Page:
TUTCRIS - Tampereen teknillinen yliopisto


Goodness-of-fit tests and heavy-tailed distributions in network traffic data analysis



KustantajaTampere University of Technology
ISBN (elektroninen)978-952-15-2233-8
ISBN (painettu)978-952-15-2191-1
TilaJulkaistu - 21 elokuuta 2009
OKM-julkaisutyyppiG4 Monografiaväitöskirja


NimiTampere University of Technology. Publication
KustantajaTampere University of Technology
ISSN (painettu)1459-2045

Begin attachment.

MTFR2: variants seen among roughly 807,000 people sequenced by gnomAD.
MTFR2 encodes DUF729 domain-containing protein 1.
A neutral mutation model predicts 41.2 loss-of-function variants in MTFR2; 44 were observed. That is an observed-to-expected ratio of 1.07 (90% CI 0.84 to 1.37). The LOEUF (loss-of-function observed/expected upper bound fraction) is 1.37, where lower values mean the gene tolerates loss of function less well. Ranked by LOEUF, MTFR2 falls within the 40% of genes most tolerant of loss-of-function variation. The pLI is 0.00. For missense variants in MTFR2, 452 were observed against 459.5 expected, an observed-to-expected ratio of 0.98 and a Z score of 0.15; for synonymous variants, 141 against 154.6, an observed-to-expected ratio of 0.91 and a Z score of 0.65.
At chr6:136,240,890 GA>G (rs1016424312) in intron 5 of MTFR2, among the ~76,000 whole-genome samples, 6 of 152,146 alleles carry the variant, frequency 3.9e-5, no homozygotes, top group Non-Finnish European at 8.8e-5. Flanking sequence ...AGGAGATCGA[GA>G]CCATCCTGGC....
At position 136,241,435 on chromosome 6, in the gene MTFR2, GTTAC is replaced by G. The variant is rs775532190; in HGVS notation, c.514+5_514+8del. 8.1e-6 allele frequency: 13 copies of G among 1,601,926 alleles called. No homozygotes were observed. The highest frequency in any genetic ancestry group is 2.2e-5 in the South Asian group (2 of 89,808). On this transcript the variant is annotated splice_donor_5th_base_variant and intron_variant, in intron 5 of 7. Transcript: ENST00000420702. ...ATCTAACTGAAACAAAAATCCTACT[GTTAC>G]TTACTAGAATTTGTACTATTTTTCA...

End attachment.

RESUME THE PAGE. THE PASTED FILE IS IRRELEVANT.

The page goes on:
Network management system is a vital part of a modern telecommunication network. The duties of the system include, among other things, fault management, configuration management, and performance management. For these purposes the network management system collects vast amounts of data, the processing and analysis of which has developed into a whole discipline. Network traffic data analysis involves, for example, change detection, prediction, and modelling. This thesis concentrates on network traffic data analysis with statistical tools, goodness-of-fit tests in particular. Instead of artificially generated data, data sets collected from real networks serve as case examples. Since real network data fit poorly to analytical distributions or textbook examples, Monte Carlo simulation is used for modelling the properties of the data. The various quantities measured from telecommunication networks reportedly exhibit heavy-tailed distributions. Heavy-tailed distributions possess special features (such as infinite variance) that make them problematic for statistical analysis as well as network management. This is why heavy-tailed distributions are one of the premises of this work. The network management system usually does not allow tailoring the measurements for a specific purpose but the analysis has to adapt to the data available. A histogram is one of the most popular means to compress data, that is, the data from the system often come as a histogram. This work develops a method for change detection of histogram data. Furthermore, classical goodness-of-fit tests are largely inadequate for network traffic data. In addition to heavy-tailed distributions, the huge amount of data causes problems. This thesis collects several test statistics proposed in the literature for testing heavy-tailed distributions. Their usefulness is assessed through a power study, where a scenario of true traffic change detection is created. According to the results, the plain median outperforms all the more complicated test statistics in change detection. A suitable sample size is sought with a similar power study, because the large amount of data may easily ruin the feasibility of the test. Some sources cite predictability as an advantage of heavy-tailed distributions, but this feature has never been exploited. This thesis first generalizes the predictability to the time-continuous domain and then develops it further to a model that tries to predict traffic volume. However, the usefulness of the predictability remains limited, because several assumptions have to be made that do not necessarily hold in real network applications.


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